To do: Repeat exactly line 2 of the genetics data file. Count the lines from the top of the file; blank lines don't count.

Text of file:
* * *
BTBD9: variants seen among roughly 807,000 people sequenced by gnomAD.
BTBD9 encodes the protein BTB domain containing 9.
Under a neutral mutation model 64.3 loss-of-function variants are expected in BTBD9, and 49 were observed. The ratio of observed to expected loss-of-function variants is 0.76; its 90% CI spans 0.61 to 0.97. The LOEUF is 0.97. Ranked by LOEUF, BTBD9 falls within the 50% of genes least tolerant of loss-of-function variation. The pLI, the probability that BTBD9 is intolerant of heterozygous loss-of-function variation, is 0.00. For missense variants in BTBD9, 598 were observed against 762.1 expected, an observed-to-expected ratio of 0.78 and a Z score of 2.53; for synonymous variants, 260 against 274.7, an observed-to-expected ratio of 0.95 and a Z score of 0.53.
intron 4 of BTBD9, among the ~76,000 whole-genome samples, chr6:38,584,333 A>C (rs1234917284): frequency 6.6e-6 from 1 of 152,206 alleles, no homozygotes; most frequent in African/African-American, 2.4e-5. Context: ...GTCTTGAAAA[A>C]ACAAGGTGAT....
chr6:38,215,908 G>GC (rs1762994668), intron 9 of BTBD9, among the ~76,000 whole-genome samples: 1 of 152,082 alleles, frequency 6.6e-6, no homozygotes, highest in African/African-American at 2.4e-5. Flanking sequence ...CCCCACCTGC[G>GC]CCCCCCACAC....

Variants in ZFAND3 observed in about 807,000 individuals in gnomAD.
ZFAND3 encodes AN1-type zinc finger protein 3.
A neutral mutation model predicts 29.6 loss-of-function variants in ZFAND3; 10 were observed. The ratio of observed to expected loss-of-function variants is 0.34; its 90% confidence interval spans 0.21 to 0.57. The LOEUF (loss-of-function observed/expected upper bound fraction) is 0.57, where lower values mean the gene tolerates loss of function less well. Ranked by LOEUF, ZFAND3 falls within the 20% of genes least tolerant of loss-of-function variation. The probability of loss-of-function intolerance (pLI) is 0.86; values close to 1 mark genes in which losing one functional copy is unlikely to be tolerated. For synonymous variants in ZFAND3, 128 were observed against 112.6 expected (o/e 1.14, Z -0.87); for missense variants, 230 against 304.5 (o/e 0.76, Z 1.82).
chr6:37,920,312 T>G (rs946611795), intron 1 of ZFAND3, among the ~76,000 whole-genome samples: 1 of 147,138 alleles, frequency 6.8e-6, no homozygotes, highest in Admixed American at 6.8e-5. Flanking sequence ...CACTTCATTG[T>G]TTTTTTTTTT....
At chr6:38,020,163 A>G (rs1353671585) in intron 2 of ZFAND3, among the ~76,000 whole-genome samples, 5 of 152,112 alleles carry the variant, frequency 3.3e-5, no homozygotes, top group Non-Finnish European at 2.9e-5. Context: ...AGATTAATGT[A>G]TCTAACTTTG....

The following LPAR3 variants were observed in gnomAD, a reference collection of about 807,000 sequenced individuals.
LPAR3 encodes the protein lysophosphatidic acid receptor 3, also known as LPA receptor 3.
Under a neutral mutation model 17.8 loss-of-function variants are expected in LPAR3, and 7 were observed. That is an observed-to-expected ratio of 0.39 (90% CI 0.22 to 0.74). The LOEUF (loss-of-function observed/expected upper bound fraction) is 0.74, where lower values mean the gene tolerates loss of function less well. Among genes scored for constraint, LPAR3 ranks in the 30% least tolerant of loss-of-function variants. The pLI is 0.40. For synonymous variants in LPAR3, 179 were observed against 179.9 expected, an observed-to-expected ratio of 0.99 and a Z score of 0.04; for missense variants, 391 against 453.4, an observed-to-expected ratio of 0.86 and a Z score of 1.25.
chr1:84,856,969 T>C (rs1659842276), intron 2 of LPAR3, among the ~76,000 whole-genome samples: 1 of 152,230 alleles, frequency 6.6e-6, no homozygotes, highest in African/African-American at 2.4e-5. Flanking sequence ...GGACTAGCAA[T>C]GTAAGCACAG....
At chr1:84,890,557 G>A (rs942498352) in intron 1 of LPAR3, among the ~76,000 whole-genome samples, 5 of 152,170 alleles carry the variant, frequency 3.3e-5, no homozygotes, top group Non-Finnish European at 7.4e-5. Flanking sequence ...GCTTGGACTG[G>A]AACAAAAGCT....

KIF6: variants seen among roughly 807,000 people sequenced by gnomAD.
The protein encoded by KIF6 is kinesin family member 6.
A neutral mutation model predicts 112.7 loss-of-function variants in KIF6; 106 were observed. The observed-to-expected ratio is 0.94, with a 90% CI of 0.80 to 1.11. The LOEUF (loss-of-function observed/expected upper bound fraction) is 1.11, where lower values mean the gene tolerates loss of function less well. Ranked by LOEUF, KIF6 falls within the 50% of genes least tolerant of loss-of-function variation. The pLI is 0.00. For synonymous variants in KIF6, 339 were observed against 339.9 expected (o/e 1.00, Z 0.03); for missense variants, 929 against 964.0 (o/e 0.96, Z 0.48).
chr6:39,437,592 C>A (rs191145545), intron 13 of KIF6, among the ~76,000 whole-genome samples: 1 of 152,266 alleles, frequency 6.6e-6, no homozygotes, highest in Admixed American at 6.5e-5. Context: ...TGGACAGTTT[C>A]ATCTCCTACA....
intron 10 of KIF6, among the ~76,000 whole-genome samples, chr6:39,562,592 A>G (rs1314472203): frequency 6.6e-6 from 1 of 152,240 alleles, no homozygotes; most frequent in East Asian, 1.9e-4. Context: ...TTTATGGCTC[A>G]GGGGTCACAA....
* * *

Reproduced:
BTBD9 encodes the protein BTB domain containing 9.